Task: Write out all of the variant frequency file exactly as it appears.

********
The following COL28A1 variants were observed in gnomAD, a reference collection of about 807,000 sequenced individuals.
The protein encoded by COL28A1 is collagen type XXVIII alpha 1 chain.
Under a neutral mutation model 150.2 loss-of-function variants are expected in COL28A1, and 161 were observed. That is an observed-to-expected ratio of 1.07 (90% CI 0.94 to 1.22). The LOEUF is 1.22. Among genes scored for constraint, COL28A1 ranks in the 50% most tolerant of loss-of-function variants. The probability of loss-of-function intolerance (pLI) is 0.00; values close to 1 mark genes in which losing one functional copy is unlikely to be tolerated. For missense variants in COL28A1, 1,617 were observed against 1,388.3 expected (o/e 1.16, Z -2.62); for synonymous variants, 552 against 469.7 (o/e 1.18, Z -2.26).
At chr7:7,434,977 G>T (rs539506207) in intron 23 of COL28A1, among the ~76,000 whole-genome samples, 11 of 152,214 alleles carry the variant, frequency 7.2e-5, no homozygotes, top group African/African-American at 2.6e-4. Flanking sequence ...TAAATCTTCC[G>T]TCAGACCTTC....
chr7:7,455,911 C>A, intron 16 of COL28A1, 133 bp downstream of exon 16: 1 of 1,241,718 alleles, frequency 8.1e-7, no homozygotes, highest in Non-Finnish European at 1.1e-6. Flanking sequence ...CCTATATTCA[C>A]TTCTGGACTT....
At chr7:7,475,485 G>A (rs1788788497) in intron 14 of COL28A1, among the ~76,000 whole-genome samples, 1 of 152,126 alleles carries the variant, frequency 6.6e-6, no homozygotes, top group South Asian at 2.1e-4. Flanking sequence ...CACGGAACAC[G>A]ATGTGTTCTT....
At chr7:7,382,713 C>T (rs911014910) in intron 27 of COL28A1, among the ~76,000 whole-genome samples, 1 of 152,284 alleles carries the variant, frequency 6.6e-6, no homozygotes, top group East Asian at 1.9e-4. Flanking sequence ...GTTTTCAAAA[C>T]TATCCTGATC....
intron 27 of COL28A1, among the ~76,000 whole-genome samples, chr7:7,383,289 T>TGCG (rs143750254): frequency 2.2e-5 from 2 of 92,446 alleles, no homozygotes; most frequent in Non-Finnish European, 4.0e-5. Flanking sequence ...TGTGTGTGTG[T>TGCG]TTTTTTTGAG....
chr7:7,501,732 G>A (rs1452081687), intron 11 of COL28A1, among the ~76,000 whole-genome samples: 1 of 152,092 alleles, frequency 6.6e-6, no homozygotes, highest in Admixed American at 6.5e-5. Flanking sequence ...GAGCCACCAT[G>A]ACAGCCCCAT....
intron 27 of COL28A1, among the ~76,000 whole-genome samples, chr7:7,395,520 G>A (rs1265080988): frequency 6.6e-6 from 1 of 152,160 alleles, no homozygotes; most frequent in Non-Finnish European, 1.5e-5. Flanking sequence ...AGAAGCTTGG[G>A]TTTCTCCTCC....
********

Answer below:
The following COL28A1 variants were observed in gnomAD, a reference collection of about 807,000 sequenced individuals.
The protein encoded by COL28A1 is collagen type XXVIII alpha 1 chain.
Under a neutral mutation model 150.2 loss-of-function variants are expected in COL28A1, and 161 were observed. That is an observed-to-expected ratio of 1.07 (90% CI 0.94 to 1.22). The LOEUF is 1.22. Among genes scored for constraint, COL28A1 ranks in the 50% most tolerant of loss-of-function variants. The probability of loss-of-function intolerance (pLI) is 0.00; values close to 1 mark genes in which losing one functional copy is unlikely to be tolerated. For missense variants in COL28A1, 1,617 were observed against 1,388.3 expected (o/e 1.16, Z -2.62); for synonymous variants, 552 against 469.7 (o/e 1.18, Z -2.26).
At chr7:7,434,977 G>T (rs539506207) in intron 23 of COL28A1, among the ~76,000 whole-genome samples, 11 of 152,214 alleles carry the variant, frequency 7.2e-5, no homozygotes, top group African/African-American at 2.6e-4. Flanking sequence ...TAAATCTTCC[G>T]TCAGACCTTC....
chr7:7,455,911 C>A, intron 16 of COL28A1, 133 bp downstream of exon 16: 1 of 1,241,718 alleles, frequency 8.1e-7, no homozygotes, highest in Non-Finnish European at 1.1e-6. Flanking sequence ...CCTATATTCA[C>A]TTCTGGACTT....
At chr7:7,475,485 G>A (rs1788788497) in intron 14 of COL28A1, among the ~76,000 whole-genome samples, 1 of 152,126 alleles carries the variant, frequency 6.6e-6, no homozygotes, top group South Asian at 2.1e-4. Flanking sequence ...CACGGAACAC[G>A]ATGTGTTCTT....
At chr7:7,382,713 C>T (rs911014910) in intron 27 of COL28A1, among the ~76,000 whole-genome samples, 1 of 152,284 alleles carries the variant, frequency 6.6e-6, no homozygotes, top group East Asian at 1.9e-4. Flanking sequence ...GTTTTCAAAA[C>T]TATCCTGATC....
intron 27 of COL28A1, among the ~76,000 whole-genome samples, chr7:7,383,289 T>TGCG (rs143750254): frequency 2.2e-5 from 2 of 92,446 alleles, no homozygotes; most frequent in Non-Finnish European, 4.0e-5. Flanking sequence ...TGTGTGTGTG[T>TGCG]TTTTTTTGAG....
chr7:7,501,732 G>A (rs1452081687), intron 11 of COL28A1, among the ~76,000 whole-genome samples: 1 of 152,092 alleles, frequency 6.6e-6, no homozygotes, highest in Admixed American at 6.5e-5. Flanking sequence ...GAGCCACCAT[G>A]ACAGCCCCAT....
intron 27 of COL28A1, among the ~76,000 whole-genome samples, chr7:7,395,520 G>A (rs1265080988): frequency 6.6e-6 from 1 of 152,160 alleles, no homozygotes; most frequent in Non-Finnish European, 1.5e-5. Flanking sequence ...AGAAGCTTGG[G>A]TTTCTCCTCC....